Paragraph 24.4 of FRS 102 permits an entity to recognise grants based on either the performance model or the accrual model. This is an accounting policy choice which must be applied on a class-by-class basis. Practically this choice doesn’t make a difference to the accounting treatment of these particular grants, however the accounting policy used should be disclosed in the notes to the financial statements.

Regardless of which model is applied, where the entity has its own PAYE payroll scheme, the grant income will be shown within other income and there would be either a debtor or a deferred income balance recognised depending upon when the cash was received from HMRC. It is not appropriate to net the grant income off against wages and salaries costs (FRS 102 paragraph 2.52).

Performance model

Under the performance model, entitlement to the grant only passes to the employer as time passes while the relevant employee is absent (for a period of up to two weeks). Practically, this means that the income from the grant will be recognised on a straight line basis over the period a relevant employee is absent.

Accrual model

Under the accrual model, FRS 102 paragraph 24.5D states that grants relating to revenue shall be recognised in income on a systematic basis over the periods in which the entity recognises the related costs for which the grant is intended to compensate. Practically, this means that the income from the grant will be recognised on a straight line basis over the period a relevant employee is absent.

VAT deferral and time to pay

When an entity is making use of the Deferral of VAT payments due to coronavirus or HMRC’s time to pay scheme, this is simply a deferral of the tax due; it does not result in a reduction in the amount of tax due. As tax liabilities do not meet the definition of a financial instrument, there is no need to adjust the carrying amount of the liability.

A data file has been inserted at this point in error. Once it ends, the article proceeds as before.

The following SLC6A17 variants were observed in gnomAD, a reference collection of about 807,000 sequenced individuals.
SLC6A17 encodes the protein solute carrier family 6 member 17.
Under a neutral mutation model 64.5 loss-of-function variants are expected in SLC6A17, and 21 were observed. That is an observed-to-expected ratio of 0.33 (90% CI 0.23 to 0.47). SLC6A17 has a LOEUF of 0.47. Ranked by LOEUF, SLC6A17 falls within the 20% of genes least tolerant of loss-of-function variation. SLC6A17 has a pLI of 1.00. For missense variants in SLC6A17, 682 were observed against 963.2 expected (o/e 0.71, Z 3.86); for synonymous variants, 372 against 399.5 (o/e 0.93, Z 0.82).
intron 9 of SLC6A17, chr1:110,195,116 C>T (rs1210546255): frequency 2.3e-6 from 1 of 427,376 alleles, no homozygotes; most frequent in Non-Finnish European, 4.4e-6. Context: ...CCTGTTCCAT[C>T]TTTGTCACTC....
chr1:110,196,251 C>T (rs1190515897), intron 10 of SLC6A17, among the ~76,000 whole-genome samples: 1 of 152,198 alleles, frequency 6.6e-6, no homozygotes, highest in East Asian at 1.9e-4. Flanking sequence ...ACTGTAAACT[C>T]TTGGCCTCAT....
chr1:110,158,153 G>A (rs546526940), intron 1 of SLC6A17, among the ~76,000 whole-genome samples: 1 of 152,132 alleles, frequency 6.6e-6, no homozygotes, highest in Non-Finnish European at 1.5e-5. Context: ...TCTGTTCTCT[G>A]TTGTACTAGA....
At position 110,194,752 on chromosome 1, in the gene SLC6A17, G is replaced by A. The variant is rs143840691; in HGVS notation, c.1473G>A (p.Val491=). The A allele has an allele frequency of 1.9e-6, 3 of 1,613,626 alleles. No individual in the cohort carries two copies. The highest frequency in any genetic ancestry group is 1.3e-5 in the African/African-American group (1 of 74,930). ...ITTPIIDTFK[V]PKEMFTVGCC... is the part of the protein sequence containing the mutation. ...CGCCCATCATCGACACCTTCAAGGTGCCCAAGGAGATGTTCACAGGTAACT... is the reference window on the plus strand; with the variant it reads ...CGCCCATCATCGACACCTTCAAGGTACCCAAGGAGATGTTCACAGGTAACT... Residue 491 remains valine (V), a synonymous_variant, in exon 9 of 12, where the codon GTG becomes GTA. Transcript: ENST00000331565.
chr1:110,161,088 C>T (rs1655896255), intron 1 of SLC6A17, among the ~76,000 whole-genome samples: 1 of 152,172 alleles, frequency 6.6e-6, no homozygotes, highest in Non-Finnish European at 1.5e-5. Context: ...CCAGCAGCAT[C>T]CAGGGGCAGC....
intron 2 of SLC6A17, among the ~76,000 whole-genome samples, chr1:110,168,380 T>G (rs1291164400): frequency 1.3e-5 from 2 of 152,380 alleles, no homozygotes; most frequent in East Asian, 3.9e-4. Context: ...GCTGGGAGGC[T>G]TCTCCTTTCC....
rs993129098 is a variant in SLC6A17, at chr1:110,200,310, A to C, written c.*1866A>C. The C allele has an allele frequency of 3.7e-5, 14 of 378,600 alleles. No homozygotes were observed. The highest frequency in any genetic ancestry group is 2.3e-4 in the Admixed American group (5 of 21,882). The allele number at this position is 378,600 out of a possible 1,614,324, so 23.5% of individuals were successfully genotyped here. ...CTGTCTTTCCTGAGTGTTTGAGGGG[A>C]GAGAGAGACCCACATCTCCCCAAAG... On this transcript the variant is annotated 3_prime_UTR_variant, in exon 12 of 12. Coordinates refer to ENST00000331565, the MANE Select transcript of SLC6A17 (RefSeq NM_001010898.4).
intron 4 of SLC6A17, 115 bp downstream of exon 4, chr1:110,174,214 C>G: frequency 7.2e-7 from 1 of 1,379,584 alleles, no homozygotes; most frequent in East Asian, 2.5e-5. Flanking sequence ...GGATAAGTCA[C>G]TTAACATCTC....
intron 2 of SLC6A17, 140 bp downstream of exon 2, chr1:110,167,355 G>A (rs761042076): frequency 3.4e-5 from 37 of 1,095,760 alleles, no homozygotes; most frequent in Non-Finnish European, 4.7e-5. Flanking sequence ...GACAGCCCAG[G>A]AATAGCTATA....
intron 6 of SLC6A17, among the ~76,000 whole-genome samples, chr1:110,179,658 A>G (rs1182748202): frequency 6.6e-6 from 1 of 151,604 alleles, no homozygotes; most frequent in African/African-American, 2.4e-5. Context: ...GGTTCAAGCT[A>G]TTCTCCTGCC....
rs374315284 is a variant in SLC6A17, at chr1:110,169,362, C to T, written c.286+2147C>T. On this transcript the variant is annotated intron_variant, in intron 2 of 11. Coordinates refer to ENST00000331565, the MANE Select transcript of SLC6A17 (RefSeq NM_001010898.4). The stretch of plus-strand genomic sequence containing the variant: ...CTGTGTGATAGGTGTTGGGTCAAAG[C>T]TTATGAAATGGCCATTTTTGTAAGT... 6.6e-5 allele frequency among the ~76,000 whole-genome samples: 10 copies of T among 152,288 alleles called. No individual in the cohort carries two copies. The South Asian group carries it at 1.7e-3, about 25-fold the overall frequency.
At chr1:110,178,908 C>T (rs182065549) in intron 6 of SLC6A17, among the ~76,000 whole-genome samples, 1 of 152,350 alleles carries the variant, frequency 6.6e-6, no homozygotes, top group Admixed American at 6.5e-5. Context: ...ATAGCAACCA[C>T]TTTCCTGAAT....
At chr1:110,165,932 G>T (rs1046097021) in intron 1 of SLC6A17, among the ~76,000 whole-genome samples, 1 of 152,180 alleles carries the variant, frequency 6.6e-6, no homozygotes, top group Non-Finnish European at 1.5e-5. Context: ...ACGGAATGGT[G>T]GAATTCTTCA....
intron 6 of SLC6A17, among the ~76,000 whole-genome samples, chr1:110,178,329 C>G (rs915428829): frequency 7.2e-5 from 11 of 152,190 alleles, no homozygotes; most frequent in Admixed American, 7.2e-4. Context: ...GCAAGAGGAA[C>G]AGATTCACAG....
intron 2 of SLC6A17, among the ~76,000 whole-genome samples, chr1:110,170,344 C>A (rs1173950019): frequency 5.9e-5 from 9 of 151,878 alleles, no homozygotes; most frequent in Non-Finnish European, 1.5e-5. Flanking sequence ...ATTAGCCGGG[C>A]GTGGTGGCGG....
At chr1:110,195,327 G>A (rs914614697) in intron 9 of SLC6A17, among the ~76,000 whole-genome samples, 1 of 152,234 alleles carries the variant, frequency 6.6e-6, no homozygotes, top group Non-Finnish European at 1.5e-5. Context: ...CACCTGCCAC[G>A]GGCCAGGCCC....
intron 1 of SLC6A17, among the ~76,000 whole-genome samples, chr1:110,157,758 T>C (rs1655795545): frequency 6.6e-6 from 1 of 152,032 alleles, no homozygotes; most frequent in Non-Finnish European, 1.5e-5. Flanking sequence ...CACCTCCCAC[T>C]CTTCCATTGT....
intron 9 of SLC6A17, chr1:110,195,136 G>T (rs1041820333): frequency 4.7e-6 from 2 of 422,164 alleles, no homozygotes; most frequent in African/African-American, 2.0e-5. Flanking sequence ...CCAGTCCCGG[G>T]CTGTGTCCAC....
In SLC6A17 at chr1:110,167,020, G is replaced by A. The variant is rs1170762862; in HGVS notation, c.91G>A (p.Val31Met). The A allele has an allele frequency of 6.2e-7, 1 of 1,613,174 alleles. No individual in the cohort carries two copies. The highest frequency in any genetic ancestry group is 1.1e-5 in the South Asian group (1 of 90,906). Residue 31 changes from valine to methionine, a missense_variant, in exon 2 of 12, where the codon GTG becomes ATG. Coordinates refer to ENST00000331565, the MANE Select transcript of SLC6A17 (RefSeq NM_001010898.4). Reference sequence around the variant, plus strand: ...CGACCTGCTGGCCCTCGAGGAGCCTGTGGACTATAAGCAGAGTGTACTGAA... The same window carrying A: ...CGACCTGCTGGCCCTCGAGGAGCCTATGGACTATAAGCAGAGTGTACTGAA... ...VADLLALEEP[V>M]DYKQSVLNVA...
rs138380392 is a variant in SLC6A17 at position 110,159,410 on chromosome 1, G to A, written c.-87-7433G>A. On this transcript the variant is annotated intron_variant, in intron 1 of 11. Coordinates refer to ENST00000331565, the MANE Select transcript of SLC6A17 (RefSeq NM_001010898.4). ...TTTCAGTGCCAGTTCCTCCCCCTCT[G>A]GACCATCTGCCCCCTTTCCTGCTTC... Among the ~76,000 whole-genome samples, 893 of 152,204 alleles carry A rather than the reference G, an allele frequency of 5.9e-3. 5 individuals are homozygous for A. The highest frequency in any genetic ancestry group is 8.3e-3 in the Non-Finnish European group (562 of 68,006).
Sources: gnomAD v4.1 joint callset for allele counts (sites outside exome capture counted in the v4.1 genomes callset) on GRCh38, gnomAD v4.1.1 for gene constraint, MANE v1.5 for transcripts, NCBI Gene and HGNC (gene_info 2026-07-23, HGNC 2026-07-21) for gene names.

Note that under the time to pay scheme, interest usually still accrues and should therefore be accounted for in accordance with the agreement reached with HMRC. It is the position as at the balance sheet date which should be reflected in the financial statements (subsequent negotiations after the balance sheet date would be a non-adjusting event after the reporting period in line with paragraph 32.2 of FRS 102).

Coronavirus Business Interruption Loan Scheme(CBILS) and Coronavirus Bounce Back Scheme Loan (BBLS)

Support under the Coronavirus Bounce Back Loan Scheme (BBLS) or the Coronavirus Business Interruption Loan Scheme (CBILS) is essentially an arrangement which combines three elements together:

  • A bank loan;
  • A government-backed guarantee; and
  • A business interruption payment i.e. the government pays any fees and interest payments for the first 12 months (BIP).

The interest rate for BBLs is fixed at 2.5% by government whereas the interest rate on CBILS is set by the lender.

The examples below have been expanded to reflect (i) how UK GAAP has evolved in this area. (there are alternative views on accounting for the BIP); and (ii) a simplified approach when the entity does not consider the difference between the actual interest rate and the market rate for a similar debt instrument to be material.

Initial recognition

FRS 102 paragraph 11.13 requires financial liabilities to be measured initially at transaction price adjusted for transaction costs unless the arrangement constitutes a financing transaction (e.g. an arrangement that is at an off-market rate of interest). Financing transactions are required to be measured initially at the present value of future payments discounted at a market rate of interest for a similar debt instrument, adjusted for transaction costs.

Practically, as the fees are responsibility of government, there is unlikely to be a need to adjust for transaction costs.

A similar debt instrument would be one where the same level of guarantee is provided. In other words, looking at a loan for the same level of borrowing, over the same term, with the same government guarantee. On that basis, the stated rate of interest on a CBILS or BBLS loan is probably a market rate of interest as the entity has gone to the market (a bank) and has been offered this borrowing.